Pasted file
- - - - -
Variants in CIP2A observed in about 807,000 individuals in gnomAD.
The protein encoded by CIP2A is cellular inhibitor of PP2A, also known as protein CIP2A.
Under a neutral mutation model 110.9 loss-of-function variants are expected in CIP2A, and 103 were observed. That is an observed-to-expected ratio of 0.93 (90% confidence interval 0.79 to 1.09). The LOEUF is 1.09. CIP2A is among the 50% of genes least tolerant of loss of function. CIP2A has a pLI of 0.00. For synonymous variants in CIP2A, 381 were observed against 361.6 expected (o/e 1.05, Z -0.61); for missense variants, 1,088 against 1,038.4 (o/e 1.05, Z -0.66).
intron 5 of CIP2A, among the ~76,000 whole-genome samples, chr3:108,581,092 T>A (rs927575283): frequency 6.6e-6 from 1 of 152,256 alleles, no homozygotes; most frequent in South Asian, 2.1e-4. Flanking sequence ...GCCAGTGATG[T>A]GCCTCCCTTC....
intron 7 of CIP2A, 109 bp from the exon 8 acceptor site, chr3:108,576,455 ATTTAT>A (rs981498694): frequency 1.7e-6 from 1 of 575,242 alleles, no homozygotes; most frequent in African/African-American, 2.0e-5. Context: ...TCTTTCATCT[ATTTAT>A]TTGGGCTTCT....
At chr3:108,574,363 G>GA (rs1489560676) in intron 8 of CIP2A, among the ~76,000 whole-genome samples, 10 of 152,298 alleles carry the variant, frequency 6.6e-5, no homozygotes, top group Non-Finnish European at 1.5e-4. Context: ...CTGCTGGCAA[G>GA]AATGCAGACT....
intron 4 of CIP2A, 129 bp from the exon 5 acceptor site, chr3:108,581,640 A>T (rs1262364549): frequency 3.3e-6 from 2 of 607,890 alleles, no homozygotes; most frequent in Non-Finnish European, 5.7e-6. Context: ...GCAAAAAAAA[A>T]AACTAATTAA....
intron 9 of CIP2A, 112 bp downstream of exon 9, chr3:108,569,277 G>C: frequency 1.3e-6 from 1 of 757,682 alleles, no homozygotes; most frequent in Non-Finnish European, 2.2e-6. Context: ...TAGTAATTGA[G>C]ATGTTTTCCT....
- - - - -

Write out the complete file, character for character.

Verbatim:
Variants in CIP2A observed in about 807,000 individuals in gnomAD.
The protein encoded by CIP2A is cellular inhibitor of PP2A, also known as protein CIP2A.
Under a neutral mutation model 110.9 loss-of-function variants are expected in CIP2A, and 103 were observed. That is an observed-to-expected ratio of 0.93 (90% confidence interval 0.79 to 1.09). The LOEUF is 1.09. CIP2A is among the 50% of genes least tolerant of loss of function. CIP2A has a pLI of 0.00. For synonymous variants in CIP2A, 381 were observed against 361.6 expected (o/e 1.05, Z -0.61); for missense variants, 1,088 against 1,038.4 (o/e 1.05, Z -0.66).
intron 5 of CIP2A, among the ~76,000 whole-genome samples, chr3:108,581,092 T>A (rs927575283): frequency 6.6e-6 from 1 of 152,256 alleles, no homozygotes; most frequent in South Asian, 2.1e-4. Flanking sequence ...GCCAGTGATG[T>A]GCCTCCCTTC....
intron 7 of CIP2A, 109 bp from the exon 8 acceptor site, chr3:108,576,455 ATTTAT>A (rs981498694): frequency 1.7e-6 from 1 of 575,242 alleles, no homozygotes; most frequent in African/African-American, 2.0e-5. Context: ...TCTTTCATCT[ATTTAT>A]TTGGGCTTCT....
At chr3:108,574,363 G>GA (rs1489560676) in intron 8 of CIP2A, among the ~76,000 whole-genome samples, 10 of 152,298 alleles carry the variant, frequency 6.6e-5, no homozygotes, top group Non-Finnish European at 1.5e-4. Context: ...CTGCTGGCAA[G>GA]AATGCAGACT....
intron 4 of CIP2A, 129 bp from the exon 5 acceptor site, chr3:108,581,640 A>T (rs1262364549): frequency 3.3e-6 from 2 of 607,890 alleles, no homozygotes; most frequent in Non-Finnish European, 5.7e-6. Context: ...GCAAAAAAAA[A>T]AACTAATTAA....
intron 9 of CIP2A, 112 bp downstream of exon 9, chr3:108,569,277 G>C: frequency 1.3e-6 from 1 of 757,682 alleles, no homozygotes; most frequent in Non-Finnish European, 2.2e-6. Context: ...TAGTAATTGA[G>C]ATGTTTTCCT....